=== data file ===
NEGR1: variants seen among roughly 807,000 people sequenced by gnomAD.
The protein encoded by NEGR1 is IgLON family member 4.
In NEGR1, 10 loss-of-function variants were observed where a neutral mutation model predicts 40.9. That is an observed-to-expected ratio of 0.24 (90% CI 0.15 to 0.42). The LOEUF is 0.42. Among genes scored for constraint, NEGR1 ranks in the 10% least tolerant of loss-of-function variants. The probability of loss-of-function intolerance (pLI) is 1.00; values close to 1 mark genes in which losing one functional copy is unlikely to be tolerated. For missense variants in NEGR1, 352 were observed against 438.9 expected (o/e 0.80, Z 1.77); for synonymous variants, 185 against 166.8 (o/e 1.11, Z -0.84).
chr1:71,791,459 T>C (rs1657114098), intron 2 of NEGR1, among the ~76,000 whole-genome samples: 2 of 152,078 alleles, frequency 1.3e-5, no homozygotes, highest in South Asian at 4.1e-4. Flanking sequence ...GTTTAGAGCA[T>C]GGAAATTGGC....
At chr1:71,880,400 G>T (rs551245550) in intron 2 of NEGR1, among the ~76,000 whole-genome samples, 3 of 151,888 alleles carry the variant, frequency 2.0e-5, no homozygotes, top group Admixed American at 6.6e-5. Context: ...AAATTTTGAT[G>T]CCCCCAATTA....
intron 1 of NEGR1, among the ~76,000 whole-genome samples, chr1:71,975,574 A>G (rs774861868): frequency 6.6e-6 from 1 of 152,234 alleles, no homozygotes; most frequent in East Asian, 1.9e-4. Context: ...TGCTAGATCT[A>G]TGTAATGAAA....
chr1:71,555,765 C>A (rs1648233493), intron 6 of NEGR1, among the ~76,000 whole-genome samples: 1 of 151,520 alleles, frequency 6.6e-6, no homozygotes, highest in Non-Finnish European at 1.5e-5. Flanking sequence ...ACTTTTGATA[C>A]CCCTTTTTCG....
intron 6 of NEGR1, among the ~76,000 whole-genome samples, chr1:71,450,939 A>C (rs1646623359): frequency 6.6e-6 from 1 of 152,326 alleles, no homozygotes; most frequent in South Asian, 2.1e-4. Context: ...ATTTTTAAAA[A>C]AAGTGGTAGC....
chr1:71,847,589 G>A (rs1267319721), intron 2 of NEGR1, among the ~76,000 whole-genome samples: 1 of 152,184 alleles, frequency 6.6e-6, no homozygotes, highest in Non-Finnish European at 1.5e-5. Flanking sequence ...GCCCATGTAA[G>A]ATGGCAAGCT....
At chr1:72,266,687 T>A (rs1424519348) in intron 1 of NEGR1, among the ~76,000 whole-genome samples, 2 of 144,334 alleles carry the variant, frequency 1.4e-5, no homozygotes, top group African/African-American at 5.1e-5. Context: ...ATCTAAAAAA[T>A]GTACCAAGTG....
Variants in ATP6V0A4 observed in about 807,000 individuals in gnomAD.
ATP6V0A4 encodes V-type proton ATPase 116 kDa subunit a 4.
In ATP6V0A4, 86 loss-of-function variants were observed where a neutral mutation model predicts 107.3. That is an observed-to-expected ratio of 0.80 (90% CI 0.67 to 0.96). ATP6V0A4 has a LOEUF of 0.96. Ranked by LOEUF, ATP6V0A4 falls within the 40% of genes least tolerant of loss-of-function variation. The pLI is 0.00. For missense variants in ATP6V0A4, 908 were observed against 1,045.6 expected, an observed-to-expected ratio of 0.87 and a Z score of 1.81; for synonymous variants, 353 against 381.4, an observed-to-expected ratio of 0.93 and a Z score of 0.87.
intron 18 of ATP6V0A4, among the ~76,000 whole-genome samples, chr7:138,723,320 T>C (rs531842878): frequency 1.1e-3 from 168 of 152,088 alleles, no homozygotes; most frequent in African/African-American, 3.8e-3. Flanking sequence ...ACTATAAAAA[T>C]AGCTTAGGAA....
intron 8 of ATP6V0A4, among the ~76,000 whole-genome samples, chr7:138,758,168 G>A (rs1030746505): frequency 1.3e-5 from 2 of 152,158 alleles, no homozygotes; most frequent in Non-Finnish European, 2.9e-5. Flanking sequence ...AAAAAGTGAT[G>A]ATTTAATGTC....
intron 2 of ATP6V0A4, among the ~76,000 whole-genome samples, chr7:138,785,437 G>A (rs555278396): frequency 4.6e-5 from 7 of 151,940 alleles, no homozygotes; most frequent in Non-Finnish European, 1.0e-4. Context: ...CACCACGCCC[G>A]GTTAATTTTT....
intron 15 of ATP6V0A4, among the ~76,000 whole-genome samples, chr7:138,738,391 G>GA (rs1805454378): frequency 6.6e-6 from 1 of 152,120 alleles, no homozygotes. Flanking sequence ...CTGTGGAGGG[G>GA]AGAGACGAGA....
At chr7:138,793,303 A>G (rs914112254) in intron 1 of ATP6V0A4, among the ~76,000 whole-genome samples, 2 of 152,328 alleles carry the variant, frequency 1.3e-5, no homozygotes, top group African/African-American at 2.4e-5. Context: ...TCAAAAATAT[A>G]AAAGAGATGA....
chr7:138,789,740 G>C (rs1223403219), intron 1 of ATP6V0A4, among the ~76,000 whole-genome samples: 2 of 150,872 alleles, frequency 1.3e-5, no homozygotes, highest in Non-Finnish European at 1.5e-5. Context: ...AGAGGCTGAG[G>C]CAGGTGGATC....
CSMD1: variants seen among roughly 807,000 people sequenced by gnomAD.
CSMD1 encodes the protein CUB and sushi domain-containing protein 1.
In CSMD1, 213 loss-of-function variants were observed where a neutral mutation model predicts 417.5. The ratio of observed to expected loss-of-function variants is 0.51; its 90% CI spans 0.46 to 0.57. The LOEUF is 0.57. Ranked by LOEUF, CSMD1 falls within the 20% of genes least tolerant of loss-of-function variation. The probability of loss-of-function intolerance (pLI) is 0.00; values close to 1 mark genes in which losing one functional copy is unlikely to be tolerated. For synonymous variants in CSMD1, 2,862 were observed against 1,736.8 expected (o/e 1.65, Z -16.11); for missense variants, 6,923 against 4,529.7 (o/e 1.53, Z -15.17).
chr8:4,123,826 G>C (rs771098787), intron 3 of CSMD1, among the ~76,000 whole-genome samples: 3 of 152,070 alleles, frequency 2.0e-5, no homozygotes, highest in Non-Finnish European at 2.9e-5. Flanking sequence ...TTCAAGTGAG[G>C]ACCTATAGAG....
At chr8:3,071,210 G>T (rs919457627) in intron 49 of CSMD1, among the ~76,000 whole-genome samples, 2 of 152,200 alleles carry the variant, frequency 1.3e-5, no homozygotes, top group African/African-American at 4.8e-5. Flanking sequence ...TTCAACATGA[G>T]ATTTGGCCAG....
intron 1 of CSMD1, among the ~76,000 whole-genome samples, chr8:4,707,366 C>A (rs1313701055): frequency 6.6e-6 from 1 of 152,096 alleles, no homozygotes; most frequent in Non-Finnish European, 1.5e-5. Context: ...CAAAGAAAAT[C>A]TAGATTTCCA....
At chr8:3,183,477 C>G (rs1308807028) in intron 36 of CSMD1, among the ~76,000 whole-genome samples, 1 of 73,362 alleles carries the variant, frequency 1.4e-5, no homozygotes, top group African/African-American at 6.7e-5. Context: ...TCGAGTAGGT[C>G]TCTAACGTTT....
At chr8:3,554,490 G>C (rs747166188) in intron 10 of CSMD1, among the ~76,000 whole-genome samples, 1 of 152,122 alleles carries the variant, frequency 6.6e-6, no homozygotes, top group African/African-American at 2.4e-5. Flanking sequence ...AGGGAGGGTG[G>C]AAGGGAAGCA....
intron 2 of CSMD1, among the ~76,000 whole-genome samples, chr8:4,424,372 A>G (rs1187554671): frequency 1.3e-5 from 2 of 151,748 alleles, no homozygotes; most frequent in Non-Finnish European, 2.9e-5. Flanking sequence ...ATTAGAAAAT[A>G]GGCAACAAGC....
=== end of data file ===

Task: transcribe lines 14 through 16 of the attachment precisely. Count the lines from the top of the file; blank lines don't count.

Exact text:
intron 18 of ATP6V0A4, among the ~76,000 whole-genome samples, chr7:138,723,320 T>C (rs531842878): frequency 1.1e-3 from 168 of 152,088 alleles, no homozygotes; most frequent in African/African-American, 3.8e-3. Flanking sequence ...ACTATAAAAA[T>C]AGCTTAGGAA....
intron 8 of ATP6V0A4, among the ~76,000 whole-genome samples, chr7:138,758,168 G>A (rs1030746505): frequency 1.3e-5 from 2 of 152,158 alleles, no homozygotes; most frequent in Non-Finnish European, 2.9e-5. Flanking sequence ...AAAAAGTGAT[G>A]ATTTAATGTC....
intron 2 of ATP6V0A4, among the ~76,000 whole-genome samples, chr7:138,785,437 G>A (rs555278396): frequency 4.6e-5 from 7 of 151,940 alleles, no homozygotes; most frequent in Non-Finnish European, 1.0e-4. Context: ...CACCACGCCC[G>A]GTTAATTTTT....